Deport first, appeal later: the chilling logic of UK immigration control

Last Updated on Wednesday, 23 December 2015, 14:09 by GxMedia

Katherine Beria

Reproduced from 

Across the UK, imprisoned in immigration removal centres, sit hundreds of people for whom this country is home. They face deportation to countries they may not remember.

They can be forcibly removed before their appeals have been heard. Nineteen year old Katherine Beria is just one of these people.
 Katherine faces deportation to Guyana, though she has lived in the UK since she was 8 years old and has spent only 2 years of her life in Guyana – she was born in Venezuela, her story is testament to the complexity of human experiences that are subjected daily to Home Office decision makers.

Katherine will not have access to justice before she is deported as her case has been certified under Section 94B of the Nationality Immigration and Asylum Act 2002 – a new Section, introduced by the Immigration Act 2014 and phased in from July last year for ‘foreign criminal’ deportation cases. Section 94B entitles the Secretary of State to deport foreign national offenders beforetheir human rights appeals against deportation are heard. The Conservative government catchily title this “deport first, appeal later”.

In the House of Lords today, the Immigration Bill 2015 had its second reading; Part 4 of the Bill proposes that S.94B can be applied to all immigration appeals. The reality of this legislation is little known, and this cause is not a popular one. Questionable legislation such as S.94B is often piloted on the ‘foreign criminal’ population, as the government predict cynically that few will oppose such measures for those they designate not ‘conducive to the public good’. This article attempts to illustrate S.94B’s devastating effects, before it is phased in further.

Katherine was abused as a child and shortly after arriving in the UK was taken into care by Croydon Social Services. Since surviving abuse as a child, Katherine has struggled with ongoing mental health problems, self-harm and suicide. She has witnessed domestic violence against her mother and dealt with the suicide of her step-father. Katherine has also been diagnosed with ‘Mixed Conduct Disorder’, a condition expressly linked to criminal behaviour.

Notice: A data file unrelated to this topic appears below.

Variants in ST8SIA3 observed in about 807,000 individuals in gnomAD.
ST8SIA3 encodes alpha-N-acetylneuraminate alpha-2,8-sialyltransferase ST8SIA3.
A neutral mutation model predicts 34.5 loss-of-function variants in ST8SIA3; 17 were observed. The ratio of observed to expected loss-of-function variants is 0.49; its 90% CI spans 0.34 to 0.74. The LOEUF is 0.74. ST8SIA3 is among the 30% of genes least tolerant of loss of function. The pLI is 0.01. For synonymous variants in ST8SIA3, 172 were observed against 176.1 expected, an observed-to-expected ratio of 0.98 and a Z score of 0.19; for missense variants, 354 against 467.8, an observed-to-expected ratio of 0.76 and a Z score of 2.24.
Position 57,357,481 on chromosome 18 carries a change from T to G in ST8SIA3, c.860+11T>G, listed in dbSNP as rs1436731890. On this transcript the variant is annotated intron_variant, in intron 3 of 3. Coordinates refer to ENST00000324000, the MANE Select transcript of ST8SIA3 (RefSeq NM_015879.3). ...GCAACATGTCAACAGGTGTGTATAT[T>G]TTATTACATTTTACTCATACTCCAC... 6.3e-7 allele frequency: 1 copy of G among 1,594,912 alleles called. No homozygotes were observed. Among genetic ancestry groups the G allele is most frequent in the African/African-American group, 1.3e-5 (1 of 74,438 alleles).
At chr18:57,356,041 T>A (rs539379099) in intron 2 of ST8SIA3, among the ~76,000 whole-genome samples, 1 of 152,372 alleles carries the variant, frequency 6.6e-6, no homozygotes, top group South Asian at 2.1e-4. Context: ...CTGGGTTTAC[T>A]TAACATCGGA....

When Katherine was 16 years old she committed 3 robberies and was sentenced to 3 years and 6 months detention. She earned early release from Medway secure training centre in Kent, but instead of being released in November 2014 she was served with a deportation order and kept imprisoned. Following the completion of her sentence Katherine was then transferred to immigration detention. Social work records note that “..she was upset and vented her anger in a productive way, calling services and local MP…”

She has no family or friends in Guyana or Venezuela. Her family and friends, particularly her mother and sister, have been eagerly anticipating her return to London. Katherine has been in Yarl’s Wood for 10 months now and has been refused bail three times.

Still a teenager, Katherine is technically a ‘care leaver’ and entitled to local authority support until she is 21 (25 if in education/training). In fact, Katherine has got a place at Croydon College to study Business Administration. Social work records praise Katherine’s maturity and development whilst detained, her reports are glowing. Even the G4S Resettlement Practise Manager at Medway writes in support of Katherine’s release, assuming that she will be released and will go on to live her life in the UK.

Yet the Home Office categorically claim that deporting foreign national offenders is in the public interest.* This statutory presumption stands though sentences have been served and seems to admit the ineffectiveness of the UK’s criminal justice system. Nowhere is it considered that the foreign national offender in question could be rehabilitated. A racist double punishment is prioritised – while British prisoners are released back into the community, non-British prisoners are transferred directly to immigration detention where they can be held indefinitely under immigration powers. There is no sentence left to serve for Katherine, just threat of return to Guyana.